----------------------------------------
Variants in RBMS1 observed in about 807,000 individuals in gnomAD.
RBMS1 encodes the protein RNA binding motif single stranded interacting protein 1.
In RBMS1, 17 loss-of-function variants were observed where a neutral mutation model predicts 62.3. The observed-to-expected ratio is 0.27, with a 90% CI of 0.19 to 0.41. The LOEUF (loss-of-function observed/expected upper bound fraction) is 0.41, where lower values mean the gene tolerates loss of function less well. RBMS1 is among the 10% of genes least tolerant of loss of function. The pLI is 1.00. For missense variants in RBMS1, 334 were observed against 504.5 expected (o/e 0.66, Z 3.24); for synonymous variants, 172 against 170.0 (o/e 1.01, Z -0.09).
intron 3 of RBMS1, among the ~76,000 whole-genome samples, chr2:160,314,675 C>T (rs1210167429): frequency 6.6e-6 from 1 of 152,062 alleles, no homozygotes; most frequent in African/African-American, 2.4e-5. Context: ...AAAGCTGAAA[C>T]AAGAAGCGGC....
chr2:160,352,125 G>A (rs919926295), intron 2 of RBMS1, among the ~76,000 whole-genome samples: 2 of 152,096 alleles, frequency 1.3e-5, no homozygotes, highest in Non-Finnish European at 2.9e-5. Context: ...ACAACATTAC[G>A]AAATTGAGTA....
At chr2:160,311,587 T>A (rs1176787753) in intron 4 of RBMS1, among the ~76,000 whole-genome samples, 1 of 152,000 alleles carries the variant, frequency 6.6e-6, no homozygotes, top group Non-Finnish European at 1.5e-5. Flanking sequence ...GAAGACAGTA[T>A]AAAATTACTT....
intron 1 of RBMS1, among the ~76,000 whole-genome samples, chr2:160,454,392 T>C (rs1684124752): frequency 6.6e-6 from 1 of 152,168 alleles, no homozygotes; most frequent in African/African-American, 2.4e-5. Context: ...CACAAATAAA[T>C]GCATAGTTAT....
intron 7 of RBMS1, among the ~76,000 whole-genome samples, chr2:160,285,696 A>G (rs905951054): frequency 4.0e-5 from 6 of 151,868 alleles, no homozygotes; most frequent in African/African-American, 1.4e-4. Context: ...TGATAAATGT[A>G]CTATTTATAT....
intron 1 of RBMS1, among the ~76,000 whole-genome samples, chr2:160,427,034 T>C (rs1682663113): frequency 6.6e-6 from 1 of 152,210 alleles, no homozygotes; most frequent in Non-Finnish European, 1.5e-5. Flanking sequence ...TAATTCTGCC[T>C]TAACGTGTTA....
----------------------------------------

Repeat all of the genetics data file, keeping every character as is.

Variants in RBMS1 observed in about 807,000 individuals in gnomAD.
RBMS1 encodes the protein RNA binding motif single stranded interacting protein 1.
In RBMS1, 17 loss-of-function variants were observed where a neutral mutation model predicts 62.3. The observed-to-expected ratio is 0.27, with a 90% CI of 0.19 to 0.41. The LOEUF (loss-of-function observed/expected upper bound fraction) is 0.41, where lower values mean the gene tolerates loss of function less well. RBMS1 is among the 10% of genes least tolerant of loss of function. The pLI is 1.00. For missense variants in RBMS1, 334 were observed against 504.5 expected (o/e 0.66, Z 3.24); for synonymous variants, 172 against 170.0 (o/e 1.01, Z -0.09).
intron 3 of RBMS1, among the ~76,000 whole-genome samples, chr2:160,314,675 C>T (rs1210167429): frequency 6.6e-6 from 1 of 152,062 alleles, no homozygotes; most frequent in African/African-American, 2.4e-5. Context: ...AAAGCTGAAA[C>T]AAGAAGCGGC....
chr2:160,352,125 G>A (rs919926295), intron 2 of RBMS1, among the ~76,000 whole-genome samples: 2 of 152,096 alleles, frequency 1.3e-5, no homozygotes, highest in Non-Finnish European at 2.9e-5. Context: ...ACAACATTAC[G>A]AAATTGAGTA....
At chr2:160,311,587 T>A (rs1176787753) in intron 4 of RBMS1, among the ~76,000 whole-genome samples, 1 of 152,000 alleles carries the variant, frequency 6.6e-6, no homozygotes, top group Non-Finnish European at 1.5e-5. Flanking sequence ...GAAGACAGTA[T>A]AAAATTACTT....
intron 1 of RBMS1, among the ~76,000 whole-genome samples, chr2:160,454,392 T>C (rs1684124752): frequency 6.6e-6 from 1 of 152,168 alleles, no homozygotes; most frequent in African/African-American, 2.4e-5. Context: ...CACAAATAAA[T>C]GCATAGTTAT....
intron 7 of RBMS1, among the ~76,000 whole-genome samples, chr2:160,285,696 A>G (rs905951054): frequency 4.0e-5 from 6 of 151,868 alleles, no homozygotes; most frequent in African/African-American, 1.4e-4. Context: ...TGATAAATGT[A>G]CTATTTATAT....
intron 1 of RBMS1, among the ~76,000 whole-genome samples, chr2:160,427,034 T>C (rs1682663113): frequency 6.6e-6 from 1 of 152,210 alleles, no homozygotes; most frequent in Non-Finnish European, 1.5e-5. Flanking sequence ...TAATTCTGCC[T>C]TAACGTGTTA....